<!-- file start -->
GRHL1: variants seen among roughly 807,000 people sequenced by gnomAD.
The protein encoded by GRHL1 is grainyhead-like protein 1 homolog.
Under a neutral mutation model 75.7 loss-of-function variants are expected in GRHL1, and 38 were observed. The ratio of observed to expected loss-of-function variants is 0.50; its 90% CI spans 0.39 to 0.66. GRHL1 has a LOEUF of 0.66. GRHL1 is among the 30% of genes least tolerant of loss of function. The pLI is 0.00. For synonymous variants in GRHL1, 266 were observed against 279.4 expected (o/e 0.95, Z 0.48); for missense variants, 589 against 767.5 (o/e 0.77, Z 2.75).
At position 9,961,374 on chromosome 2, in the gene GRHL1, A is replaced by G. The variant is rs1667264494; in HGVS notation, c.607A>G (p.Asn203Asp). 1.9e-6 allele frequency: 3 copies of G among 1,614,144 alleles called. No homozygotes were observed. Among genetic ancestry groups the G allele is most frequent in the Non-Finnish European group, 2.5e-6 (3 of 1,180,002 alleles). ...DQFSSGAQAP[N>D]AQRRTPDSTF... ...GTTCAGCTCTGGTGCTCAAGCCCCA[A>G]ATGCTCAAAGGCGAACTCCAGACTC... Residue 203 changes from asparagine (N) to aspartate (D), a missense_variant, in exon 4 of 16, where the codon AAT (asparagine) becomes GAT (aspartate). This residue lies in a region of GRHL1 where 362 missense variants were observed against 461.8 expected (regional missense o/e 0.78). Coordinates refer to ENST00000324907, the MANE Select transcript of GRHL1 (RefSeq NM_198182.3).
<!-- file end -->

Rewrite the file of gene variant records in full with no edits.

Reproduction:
GRHL1: variants seen among roughly 807,000 people sequenced by gnomAD.
The protein encoded by GRHL1 is grainyhead-like protein 1 homolog.
Under a neutral mutation model 75.7 loss-of-function variants are expected in GRHL1, and 38 were observed. The ratio of observed to expected loss-of-function variants is 0.50; its 90% CI spans 0.39 to 0.66. GRHL1 has a LOEUF of 0.66. GRHL1 is among the 30% of genes least tolerant of loss of function. The pLI is 0.00. For synonymous variants in GRHL1, 266 were observed against 279.4 expected (o/e 0.95, Z 0.48); for missense variants, 589 against 767.5 (o/e 0.77, Z 2.75).
At position 9,961,374 on chromosome 2, in the gene GRHL1, A is replaced by G. The variant is rs1667264494; in HGVS notation, c.607A>G (p.Asn203Asp). 1.9e-6 allele frequency: 3 copies of G among 1,614,144 alleles called. No homozygotes were observed. Among genetic ancestry groups the G allele is most frequent in the Non-Finnish European group, 2.5e-6 (3 of 1,180,002 alleles). ...DQFSSGAQAP[N>D]AQRRTPDSTF... ...GTTCAGCTCTGGTGCTCAAGCCCCA[A>G]ATGCTCAAAGGCGAACTCCAGACTC... Residue 203 changes from asparagine (N) to aspartate (D), a missense_variant, in exon 4 of 16, where the codon AAT (asparagine) becomes GAT (aspartate). This residue lies in a region of GRHL1 where 362 missense variants were observed against 461.8 expected (regional missense o/e 0.78). Coordinates refer to ENST00000324907, the MANE Select transcript of GRHL1 (RefSeq NM_198182.3).